Developing self-sufficient regional supply bases to support regional manufacturing is key to adding in structural protections. Capacity is a key consideration with a multi-region, multi-supplier approach. Securing relationships with multiple suppliers that supply parts and maintain available capacity to support their region and another region if needed can further de-risk operations.
3. Track Mutual Value Creation
The supply management profession has only taken incremental steps toward systematically creating material value for suppliers outside of sourcing parts. If we’re to be frank, we often extract more value via year-over-year cost reduction programs that damage both our organization and our suppliers’ organizations. We need to seek ways we can become a “Buyer of Choice” by co-creating enduring mutual value.
We need to find ways to create genuine value that exceeds what suppliers provide to ensure our organization can “pull” the latest technology innovations and preferred commercial terms toward our businesses.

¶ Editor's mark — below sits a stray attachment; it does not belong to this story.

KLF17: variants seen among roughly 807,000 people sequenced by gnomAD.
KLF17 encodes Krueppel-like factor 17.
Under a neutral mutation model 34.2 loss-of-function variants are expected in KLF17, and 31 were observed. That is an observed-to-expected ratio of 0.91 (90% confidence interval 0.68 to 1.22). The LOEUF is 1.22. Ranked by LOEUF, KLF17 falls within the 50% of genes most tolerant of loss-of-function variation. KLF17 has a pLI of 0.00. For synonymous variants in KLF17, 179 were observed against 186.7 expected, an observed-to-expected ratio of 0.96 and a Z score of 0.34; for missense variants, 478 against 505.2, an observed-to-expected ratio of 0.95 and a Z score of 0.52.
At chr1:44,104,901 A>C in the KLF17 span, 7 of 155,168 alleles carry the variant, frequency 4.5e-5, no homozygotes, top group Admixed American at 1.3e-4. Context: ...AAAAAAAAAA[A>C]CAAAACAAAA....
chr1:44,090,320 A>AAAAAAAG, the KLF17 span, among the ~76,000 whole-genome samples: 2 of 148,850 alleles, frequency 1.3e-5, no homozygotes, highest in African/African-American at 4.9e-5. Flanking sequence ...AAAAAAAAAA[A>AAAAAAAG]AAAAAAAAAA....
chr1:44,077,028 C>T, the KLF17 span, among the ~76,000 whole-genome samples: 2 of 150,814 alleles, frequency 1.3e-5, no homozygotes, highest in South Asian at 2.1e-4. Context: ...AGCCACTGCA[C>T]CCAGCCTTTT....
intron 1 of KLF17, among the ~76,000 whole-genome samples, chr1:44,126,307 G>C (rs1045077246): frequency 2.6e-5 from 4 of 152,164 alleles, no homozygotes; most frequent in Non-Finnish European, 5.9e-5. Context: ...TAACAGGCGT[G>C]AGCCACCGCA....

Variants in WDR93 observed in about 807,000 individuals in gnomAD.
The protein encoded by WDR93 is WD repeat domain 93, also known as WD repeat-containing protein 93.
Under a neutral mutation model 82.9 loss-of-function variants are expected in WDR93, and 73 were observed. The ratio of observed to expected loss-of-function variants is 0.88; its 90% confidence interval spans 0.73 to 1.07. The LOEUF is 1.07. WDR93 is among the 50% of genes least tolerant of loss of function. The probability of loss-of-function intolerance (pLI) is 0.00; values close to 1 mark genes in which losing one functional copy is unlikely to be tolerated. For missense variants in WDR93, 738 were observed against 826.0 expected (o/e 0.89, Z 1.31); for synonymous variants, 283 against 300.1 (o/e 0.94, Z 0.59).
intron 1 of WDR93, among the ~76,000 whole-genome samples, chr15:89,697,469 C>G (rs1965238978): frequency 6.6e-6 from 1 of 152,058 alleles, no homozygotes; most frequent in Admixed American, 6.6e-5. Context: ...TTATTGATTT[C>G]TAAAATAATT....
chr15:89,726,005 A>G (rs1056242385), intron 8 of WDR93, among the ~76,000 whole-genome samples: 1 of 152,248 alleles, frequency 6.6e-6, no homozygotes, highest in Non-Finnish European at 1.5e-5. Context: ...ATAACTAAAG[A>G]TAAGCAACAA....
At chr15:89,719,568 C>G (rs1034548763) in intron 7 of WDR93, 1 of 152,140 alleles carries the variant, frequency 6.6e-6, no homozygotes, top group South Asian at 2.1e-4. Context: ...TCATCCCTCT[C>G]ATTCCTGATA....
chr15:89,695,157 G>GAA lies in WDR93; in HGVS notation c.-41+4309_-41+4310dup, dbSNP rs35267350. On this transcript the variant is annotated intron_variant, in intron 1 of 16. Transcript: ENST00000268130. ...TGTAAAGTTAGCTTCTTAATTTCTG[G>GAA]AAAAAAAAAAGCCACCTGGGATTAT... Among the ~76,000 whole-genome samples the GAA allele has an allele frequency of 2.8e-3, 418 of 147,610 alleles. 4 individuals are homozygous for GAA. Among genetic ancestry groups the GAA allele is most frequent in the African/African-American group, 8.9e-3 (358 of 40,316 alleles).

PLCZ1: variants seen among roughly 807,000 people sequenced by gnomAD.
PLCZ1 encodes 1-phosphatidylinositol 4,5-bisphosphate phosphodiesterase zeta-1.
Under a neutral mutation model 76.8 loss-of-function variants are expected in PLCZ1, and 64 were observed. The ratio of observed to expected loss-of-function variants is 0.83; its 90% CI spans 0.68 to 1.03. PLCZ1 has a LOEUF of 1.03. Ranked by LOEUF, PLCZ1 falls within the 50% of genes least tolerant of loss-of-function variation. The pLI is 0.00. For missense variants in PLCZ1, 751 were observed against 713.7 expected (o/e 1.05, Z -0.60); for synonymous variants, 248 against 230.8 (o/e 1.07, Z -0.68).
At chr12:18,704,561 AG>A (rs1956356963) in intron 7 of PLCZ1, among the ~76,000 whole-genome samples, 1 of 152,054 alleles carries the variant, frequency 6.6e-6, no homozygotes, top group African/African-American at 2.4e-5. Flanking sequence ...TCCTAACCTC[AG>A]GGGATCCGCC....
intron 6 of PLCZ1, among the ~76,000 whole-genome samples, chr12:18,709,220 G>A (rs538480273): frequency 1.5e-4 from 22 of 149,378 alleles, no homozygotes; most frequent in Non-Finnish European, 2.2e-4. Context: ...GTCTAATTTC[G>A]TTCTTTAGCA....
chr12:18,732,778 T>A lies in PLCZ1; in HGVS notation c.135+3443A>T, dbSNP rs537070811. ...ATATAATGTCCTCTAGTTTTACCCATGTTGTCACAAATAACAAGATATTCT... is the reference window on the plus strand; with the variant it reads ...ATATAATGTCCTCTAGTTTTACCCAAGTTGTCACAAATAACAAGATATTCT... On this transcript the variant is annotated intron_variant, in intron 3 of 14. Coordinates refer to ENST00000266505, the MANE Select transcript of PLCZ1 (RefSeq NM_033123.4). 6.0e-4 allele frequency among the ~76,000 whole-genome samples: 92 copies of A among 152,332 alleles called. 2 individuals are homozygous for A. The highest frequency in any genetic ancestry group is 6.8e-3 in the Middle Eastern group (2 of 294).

Software technology offers quick-win, low-risk opportunities to facilitate lower-cost supplier access to the latest technologies through volume purchases that can improve suppliers’ businesses. As an example, partnering with a software provider of supply chain collaborative productivity tools can help suppliers accelerate optimization of their daily operations, from inventory reduction to packaging standardization.
4. Track Supplier Engagement